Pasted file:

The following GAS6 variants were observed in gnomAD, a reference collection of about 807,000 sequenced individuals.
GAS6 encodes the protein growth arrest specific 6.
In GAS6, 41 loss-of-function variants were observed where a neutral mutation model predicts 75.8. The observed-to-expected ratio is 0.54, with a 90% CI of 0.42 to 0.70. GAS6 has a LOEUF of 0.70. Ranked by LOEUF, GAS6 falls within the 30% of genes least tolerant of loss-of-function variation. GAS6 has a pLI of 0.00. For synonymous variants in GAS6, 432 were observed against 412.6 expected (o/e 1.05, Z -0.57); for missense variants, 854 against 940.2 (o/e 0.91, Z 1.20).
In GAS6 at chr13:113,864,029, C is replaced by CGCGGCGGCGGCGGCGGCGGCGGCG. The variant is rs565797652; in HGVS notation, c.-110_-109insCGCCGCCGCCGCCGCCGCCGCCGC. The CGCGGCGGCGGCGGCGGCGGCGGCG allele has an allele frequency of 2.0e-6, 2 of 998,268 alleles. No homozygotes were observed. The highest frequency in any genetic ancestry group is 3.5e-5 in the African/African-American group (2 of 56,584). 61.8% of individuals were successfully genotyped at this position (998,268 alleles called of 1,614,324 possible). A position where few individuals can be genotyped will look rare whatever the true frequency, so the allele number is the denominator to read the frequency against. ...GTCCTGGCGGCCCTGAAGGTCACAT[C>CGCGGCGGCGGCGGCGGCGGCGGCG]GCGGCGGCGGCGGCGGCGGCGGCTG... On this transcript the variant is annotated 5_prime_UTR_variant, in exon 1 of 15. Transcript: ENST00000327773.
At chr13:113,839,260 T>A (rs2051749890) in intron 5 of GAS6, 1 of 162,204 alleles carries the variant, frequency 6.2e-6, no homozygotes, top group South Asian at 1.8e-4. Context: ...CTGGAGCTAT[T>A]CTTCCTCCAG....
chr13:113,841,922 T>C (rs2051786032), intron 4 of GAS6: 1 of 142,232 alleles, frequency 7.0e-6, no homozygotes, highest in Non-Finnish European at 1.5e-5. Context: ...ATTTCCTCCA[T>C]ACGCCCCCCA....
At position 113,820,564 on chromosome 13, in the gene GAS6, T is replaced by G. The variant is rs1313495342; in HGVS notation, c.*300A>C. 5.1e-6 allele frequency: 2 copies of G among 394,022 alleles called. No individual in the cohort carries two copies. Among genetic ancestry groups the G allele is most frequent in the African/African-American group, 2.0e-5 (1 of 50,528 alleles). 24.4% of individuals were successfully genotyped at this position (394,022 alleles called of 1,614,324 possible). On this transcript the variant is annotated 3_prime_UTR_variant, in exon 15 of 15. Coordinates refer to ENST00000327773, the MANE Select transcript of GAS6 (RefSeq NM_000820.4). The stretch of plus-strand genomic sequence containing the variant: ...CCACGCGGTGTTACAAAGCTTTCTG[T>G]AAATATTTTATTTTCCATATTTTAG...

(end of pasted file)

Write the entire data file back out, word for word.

The following GAS6 variants were observed in gnomAD, a reference collection of about 807,000 sequenced individuals.
GAS6 encodes the protein growth arrest specific 6.
In GAS6, 41 loss-of-function variants were observed where a neutral mutation model predicts 75.8. The observed-to-expected ratio is 0.54, with a 90% CI of 0.42 to 0.70. GAS6 has a LOEUF of 0.70. Ranked by LOEUF, GAS6 falls within the 30% of genes least tolerant of loss-of-function variation. GAS6 has a pLI of 0.00. For synonymous variants in GAS6, 432 were observed against 412.6 expected (o/e 1.05, Z -0.57); for missense variants, 854 against 940.2 (o/e 0.91, Z 1.20).
In GAS6 at chr13:113,864,029, C is replaced by CGCGGCGGCGGCGGCGGCGGCGGCG. The variant is rs565797652; in HGVS notation, c.-110_-109insCGCCGCCGCCGCCGCCGCCGCCGC. The CGCGGCGGCGGCGGCGGCGGCGGCG allele has an allele frequency of 2.0e-6, 2 of 998,268 alleles. No homozygotes were observed. The highest frequency in any genetic ancestry group is 3.5e-5 in the African/African-American group (2 of 56,584). 61.8% of individuals were successfully genotyped at this position (998,268 alleles called of 1,614,324 possible). A position where few individuals can be genotyped will look rare whatever the true frequency, so the allele number is the denominator to read the frequency against. ...GTCCTGGCGGCCCTGAAGGTCACAT[C>CGCGGCGGCGGCGGCGGCGGCGGCG]GCGGCGGCGGCGGCGGCGGCGGCTG... On this transcript the variant is annotated 5_prime_UTR_variant, in exon 1 of 15. Transcript: ENST00000327773.
At chr13:113,839,260 T>A (rs2051749890) in intron 5 of GAS6, 1 of 162,204 alleles carries the variant, frequency 6.2e-6, no homozygotes, top group South Asian at 1.8e-4. Context: ...CTGGAGCTAT[T>A]CTTCCTCCAG....
chr13:113,841,922 T>C (rs2051786032), intron 4 of GAS6: 1 of 142,232 alleles, frequency 7.0e-6, no homozygotes, highest in Non-Finnish European at 1.5e-5. Context: ...ATTTCCTCCA[T>C]ACGCCCCCCA....
At position 113,820,564 on chromosome 13, in the gene GAS6, T is replaced by G. The variant is rs1313495342; in HGVS notation, c.*300A>C. 5.1e-6 allele frequency: 2 copies of G among 394,022 alleles called. No individual in the cohort carries two copies. Among genetic ancestry groups the G allele is most frequent in the African/African-American group, 2.0e-5 (1 of 50,528 alleles). 24.4% of individuals were successfully genotyped at this position (394,022 alleles called of 1,614,324 possible). On this transcript the variant is annotated 3_prime_UTR_variant, in exon 15 of 15. Coordinates refer to ENST00000327773, the MANE Select transcript of GAS6 (RefSeq NM_000820.4). The stretch of plus-strand genomic sequence containing the variant: ...CCACGCGGTGTTACAAAGCTTTCTG[T>G]AAATATTTTATTTTCCATATTTTAG...